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Back to Archives | Back to August 2008 Contents 

Technology Talk

GIS Enterprise Technology Investment Yields Proactive, Intelligence-Led Policing

By Dave Cook, Law Enforcement Industry Solutions, ESRI, Redlands, California; and Scott L. Burton, Geographic Information Systems Manager, GIS Unit, Bureau of Information Resource Management, Broward County, Florida, Sheriff’s Office

he modern law enforcement profession is undergoing a shift in how agencies operate. Comprehensive information systems and technology can now provide a foundation for driving the mission of protecting citizens, ensuring officer safety, and serving the community. Part of this shift includes a new wave of technology—the computer mapping geographic information system (GIS)—that supplies law enforcement agencies with a complete platform for operations.

With the growing popularity of consumer mapping products, the law enforcement community is realizing the power of maps by using robust GIS applications to meet strategic, tactical, and administrative goals. The long-term challenge for law enforcement agencies is to invest resources to bring together disparate data sets through a GIS. Agencies must work to manage vast amounts of information while creating a simple, relevant, user-friendly interface for personnel within and across entire organizations.

In a GIS-focused law enforcement agency, databases, in-vehicle computers, mobile devices, and GPS tracking equipment enable cost-effective data input and output systems and empower data analysis and dissemination to all who need it—officers, investigators, crime analysts, street supervisors, and upper-level managers. A GIS enables all agency personnel to work with the same common operating picture, viewing easily understood maps through a cost-effective use of finite resources.

Operational Awareness

Upper-level managers must have a complete understanding of what is happening in the communities they serve and the organizations they lead. A GIS can capture location information accurately no matter the data type or source. All types of data can be accessed and viewed by a common reference point—geography. Through a GIS, managers can access data-rich maps that provide a snapshot of where crime is taking place and what agency resources are deployed to combat crime; the system can also support resource management and decision making in real time.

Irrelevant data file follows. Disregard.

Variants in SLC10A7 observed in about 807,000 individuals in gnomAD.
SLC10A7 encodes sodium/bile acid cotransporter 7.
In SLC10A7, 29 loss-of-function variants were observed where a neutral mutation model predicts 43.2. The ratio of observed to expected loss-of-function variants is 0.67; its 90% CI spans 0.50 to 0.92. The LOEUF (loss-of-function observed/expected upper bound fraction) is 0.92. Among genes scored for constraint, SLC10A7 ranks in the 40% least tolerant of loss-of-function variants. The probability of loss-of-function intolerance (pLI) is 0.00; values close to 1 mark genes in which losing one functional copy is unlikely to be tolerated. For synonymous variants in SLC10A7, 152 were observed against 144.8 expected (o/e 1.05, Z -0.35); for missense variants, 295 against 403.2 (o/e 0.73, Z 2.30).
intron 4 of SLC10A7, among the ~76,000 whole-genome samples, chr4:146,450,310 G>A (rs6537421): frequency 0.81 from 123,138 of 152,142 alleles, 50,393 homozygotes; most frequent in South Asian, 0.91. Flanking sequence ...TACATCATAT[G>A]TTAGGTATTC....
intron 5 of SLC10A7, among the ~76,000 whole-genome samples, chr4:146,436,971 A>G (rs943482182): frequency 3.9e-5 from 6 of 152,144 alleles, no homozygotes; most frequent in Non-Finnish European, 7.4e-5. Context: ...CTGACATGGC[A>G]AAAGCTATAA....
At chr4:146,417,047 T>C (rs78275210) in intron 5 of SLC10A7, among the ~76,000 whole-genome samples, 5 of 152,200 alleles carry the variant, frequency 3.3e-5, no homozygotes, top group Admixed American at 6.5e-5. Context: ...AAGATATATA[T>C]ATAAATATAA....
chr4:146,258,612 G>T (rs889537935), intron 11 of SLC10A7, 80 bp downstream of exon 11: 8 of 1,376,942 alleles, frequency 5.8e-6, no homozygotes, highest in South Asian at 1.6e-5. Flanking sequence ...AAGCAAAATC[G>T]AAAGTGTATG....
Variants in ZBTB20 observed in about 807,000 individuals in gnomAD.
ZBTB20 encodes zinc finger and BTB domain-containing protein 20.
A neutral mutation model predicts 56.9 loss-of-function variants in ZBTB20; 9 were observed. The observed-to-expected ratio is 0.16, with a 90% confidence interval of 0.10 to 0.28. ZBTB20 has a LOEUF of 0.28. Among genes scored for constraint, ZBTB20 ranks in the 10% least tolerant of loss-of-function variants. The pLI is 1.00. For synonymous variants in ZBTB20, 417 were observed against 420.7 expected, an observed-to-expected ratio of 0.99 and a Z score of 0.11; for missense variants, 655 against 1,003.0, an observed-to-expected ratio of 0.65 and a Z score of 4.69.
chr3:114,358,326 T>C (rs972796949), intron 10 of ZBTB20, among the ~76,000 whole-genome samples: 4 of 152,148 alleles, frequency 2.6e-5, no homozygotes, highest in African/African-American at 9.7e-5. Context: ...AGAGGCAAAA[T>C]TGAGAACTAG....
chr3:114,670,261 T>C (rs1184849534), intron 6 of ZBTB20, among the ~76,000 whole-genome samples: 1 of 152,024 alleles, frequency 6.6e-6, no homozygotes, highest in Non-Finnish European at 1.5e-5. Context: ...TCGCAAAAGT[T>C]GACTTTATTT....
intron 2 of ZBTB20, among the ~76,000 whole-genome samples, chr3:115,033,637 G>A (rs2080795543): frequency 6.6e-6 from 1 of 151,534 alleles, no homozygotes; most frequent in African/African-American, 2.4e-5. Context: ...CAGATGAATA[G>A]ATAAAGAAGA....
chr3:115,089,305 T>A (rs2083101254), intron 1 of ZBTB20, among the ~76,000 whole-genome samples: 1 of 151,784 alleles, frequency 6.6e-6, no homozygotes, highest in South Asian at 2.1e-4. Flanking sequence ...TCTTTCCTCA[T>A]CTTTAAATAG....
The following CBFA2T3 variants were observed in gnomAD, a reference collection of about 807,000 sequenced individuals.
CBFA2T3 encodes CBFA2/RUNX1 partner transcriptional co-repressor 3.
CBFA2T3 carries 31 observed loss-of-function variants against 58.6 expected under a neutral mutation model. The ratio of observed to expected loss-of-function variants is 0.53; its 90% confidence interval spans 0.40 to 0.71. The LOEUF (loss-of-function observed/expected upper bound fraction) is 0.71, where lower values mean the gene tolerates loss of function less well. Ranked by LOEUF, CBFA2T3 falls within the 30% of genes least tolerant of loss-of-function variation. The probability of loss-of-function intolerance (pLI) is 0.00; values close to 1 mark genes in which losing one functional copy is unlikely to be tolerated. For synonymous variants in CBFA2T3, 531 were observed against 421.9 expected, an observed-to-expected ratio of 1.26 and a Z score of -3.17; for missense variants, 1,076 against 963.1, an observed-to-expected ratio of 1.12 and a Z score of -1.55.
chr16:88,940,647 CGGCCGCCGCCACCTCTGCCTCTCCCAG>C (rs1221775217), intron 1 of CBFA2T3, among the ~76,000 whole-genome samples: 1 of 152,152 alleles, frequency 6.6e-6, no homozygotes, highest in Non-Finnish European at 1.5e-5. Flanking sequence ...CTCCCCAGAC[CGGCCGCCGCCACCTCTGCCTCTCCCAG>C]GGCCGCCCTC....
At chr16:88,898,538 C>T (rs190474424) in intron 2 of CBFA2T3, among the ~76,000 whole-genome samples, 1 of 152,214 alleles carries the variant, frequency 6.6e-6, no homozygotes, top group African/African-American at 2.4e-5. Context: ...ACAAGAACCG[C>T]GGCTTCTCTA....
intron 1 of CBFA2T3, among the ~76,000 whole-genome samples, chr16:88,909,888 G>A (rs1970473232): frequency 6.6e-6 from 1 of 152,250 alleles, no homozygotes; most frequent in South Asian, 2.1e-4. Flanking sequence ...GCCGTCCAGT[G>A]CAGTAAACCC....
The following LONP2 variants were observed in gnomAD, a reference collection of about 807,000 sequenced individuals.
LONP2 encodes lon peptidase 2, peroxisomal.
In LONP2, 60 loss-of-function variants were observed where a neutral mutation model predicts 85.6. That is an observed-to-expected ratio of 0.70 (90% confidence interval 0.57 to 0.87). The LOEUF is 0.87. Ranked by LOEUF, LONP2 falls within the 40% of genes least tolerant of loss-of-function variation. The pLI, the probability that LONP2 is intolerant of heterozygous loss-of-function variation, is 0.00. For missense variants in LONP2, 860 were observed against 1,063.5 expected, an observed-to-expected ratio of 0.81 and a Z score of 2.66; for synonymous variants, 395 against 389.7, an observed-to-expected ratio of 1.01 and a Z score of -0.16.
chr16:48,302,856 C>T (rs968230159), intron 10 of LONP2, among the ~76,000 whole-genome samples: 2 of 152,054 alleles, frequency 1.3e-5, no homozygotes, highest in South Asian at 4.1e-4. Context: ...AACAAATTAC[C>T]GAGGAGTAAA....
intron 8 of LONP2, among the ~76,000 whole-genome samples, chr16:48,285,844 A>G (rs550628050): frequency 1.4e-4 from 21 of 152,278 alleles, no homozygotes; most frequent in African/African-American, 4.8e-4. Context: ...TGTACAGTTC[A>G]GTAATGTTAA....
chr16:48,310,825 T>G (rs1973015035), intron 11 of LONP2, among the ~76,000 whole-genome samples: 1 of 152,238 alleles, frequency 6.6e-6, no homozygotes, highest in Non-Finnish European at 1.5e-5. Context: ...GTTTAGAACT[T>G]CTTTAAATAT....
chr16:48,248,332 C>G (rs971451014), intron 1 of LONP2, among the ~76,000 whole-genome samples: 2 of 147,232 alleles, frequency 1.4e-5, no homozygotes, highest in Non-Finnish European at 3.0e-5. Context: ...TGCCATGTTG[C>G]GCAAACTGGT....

Operational and Situational Awareness
Image courtesy of ESRI
This map-based operational awareness is supplied through an executive dashboard. Dashboards are applications that allow agencies to measure and, ultimately, to manage. An executive dashboard helps an agency’s leaders understand a range of issues in their community, both to enhance response and to direct future proactive policing activities. GIS-focused dashboards help agency managers clarify, prioritize, and manage assets and personnel needed to address criminal activity as well as man-made or natural disasters. Through this dashboard, actionable intelligence can drive day-to-day operations, planning, and investigations from multiple data feeds. The result is a common, relevant operating picture (CROP) whether to provide security for a large event, plan a comprehensive campaign to reduce drug-related crimes in a neighborhood, or disseminate detailed statistics and maps on quality-of-life issues to residents of a given neighborhood. A GIS meets the demands for providing accurate, mission-critical, real-time awareness for officers, commanders, and chief executives.

Information Integration and Analysis

Information integration and analysis
Image courtesy of Broward County Sheriff's Office